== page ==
Microsoft recently made headlines when the company announced plans to acquire chatbot startup XOXCO — a move that many believe was executed to help Microsoft keep up with recent trends towards implementing chatbot tools.
The company, after all, is in direct competition with Google and Amazon, both of which offer chatbot development tools of their own; Now, by taking control over XOXCO, Microsoft can make their services more “sticky” and encourage programmers to continue developing with Microsoft technologies.
The chatbot market is heating up, with Google now making it possible to insert chatbots directly into interactive display ads. And earlier this year, eGain released Solve for Amazon Connect, providing an easier way to enhance the customer experience.
What exactly are chatbots, though? And do you need to offer them to your customers? Let’s explore.
What Is A Chatbot?
A chatbot is simply a computer program that can have intelligent, automated conversations with customers.
Chatbots have been around for decades. Their use has skyrocketed in recent years thanks to the rise of artificial intelligence (AI). Chatbots are now becoming much better at understanding complex queries and holding advanced conversations with people.
For this reason, chatbots are becoming widely used in contact centers. A growing number of businesses are now integrating chatbots into their websites and apps to reduce wait times for customers. Chatbots have become an integral part of the customer experience. Seventy-three percent of customers, after all, now want to solve product or service issues on their own. Chatbots can help with this.
Some companies choose to build their own chatbots, using tools like Dexter and IBM Watson, while others outsource the process to third-party designers. Third party chatbot design can be expensive, however, which is why many are choosing to build their own solutions. Recent advancements in the platform as a service market make it easier and more reliable to build your own chatbots.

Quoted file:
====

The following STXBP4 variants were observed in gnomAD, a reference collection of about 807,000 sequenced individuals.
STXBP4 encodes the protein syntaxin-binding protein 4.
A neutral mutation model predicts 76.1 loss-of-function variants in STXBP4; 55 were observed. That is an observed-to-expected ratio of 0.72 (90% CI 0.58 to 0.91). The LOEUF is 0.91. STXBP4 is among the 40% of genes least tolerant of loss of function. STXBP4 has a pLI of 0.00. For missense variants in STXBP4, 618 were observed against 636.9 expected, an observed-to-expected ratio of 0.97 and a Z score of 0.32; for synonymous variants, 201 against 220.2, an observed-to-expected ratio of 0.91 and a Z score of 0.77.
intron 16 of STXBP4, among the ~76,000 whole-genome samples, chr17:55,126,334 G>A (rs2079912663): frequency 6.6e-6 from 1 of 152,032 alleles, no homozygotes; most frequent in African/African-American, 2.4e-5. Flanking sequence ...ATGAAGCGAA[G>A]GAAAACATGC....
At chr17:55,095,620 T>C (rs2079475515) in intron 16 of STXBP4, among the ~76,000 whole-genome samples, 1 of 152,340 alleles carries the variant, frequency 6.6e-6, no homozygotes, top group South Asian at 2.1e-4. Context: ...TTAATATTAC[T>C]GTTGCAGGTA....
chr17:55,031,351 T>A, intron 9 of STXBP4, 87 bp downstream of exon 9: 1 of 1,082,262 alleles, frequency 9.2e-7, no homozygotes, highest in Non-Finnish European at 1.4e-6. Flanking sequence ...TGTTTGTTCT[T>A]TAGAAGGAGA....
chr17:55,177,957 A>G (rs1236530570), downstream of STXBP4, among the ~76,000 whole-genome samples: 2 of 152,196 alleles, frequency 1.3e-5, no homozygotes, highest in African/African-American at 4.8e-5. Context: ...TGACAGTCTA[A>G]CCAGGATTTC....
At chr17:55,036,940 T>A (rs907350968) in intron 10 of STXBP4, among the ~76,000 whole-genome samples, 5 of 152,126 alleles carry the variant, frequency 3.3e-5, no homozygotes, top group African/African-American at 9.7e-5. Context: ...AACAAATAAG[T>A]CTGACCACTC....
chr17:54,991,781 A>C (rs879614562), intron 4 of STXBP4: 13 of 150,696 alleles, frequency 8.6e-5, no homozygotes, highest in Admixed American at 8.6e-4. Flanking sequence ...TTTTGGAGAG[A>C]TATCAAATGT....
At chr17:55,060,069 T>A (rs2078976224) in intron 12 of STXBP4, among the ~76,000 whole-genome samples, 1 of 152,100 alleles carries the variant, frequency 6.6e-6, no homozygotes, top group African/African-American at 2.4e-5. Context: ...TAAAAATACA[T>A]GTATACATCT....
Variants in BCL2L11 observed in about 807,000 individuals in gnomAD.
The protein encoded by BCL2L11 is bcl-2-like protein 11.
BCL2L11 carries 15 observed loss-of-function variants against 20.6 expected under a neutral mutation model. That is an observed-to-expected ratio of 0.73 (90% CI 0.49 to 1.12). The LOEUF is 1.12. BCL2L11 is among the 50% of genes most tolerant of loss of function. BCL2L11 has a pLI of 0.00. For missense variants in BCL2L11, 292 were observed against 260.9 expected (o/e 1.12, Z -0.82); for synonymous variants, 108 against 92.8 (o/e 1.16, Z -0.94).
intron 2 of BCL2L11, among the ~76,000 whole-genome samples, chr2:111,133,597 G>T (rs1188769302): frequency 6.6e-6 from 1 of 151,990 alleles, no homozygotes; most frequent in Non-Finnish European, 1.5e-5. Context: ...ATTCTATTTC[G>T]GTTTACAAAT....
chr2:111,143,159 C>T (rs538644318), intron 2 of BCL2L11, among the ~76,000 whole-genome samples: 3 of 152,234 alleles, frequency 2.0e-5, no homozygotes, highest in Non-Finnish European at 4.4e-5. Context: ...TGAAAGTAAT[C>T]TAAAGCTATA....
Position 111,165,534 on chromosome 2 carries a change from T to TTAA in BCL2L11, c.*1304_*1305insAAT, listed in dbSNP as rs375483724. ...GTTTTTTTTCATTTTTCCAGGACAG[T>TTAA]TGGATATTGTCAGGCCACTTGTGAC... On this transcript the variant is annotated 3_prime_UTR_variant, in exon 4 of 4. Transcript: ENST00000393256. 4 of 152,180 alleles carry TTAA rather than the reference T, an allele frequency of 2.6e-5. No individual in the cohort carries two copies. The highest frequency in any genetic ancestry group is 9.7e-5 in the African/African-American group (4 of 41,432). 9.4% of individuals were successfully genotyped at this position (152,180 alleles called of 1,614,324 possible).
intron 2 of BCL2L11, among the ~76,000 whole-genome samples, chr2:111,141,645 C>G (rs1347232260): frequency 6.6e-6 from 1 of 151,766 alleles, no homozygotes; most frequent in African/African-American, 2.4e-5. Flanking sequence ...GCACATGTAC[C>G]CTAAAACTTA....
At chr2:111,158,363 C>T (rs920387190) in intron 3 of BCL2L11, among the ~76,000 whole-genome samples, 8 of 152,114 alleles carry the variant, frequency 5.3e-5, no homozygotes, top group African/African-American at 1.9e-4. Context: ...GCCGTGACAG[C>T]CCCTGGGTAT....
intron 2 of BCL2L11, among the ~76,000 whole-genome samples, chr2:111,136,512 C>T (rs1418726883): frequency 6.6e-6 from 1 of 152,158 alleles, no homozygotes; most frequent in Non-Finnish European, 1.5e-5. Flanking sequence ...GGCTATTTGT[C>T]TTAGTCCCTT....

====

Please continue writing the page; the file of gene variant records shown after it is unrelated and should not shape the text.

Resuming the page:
Are Chatbots A Good Idea?
It’s important to remember that chatbots are still an emerging technology, and while they can provide a handy service, it’s important to proceed with caution.
Chatbots, after all, are ultimately only as effective as the underlying AI they are using; not all AI chatbots offer the same level of consistency and command for language processing and response. Many chatbots are still very limited in how they can respond to queries.
If you want to implement chatbots into your contact center, you should consider using use them to aid agents, and not replace them. For instance, many contact centers today are now leveraging software that allows agents to oversee multiple automated chats at once. An agent, for instance, may oversee 10 or more chats in a single window. This way, an agent can let a chatbot do some of the heavy lifting when communicating with customers, and intervene when a conversation gets to the point that it needs a human touch. For some complex questions or customer satisfaction situations, it’s best to have a real person on standby to assist.
Chatbots are also being widely used to provide extended after hours care. For instance, many businesses lack the desire or means to answer phone calls after normal working hours. Chatbots can help field customer questions until live employees follow up. They are much less expensive than providing live after-hours support, as well. If used correctly, chatbots can help take the burden off of busy call center agents and provide enhanced self-service.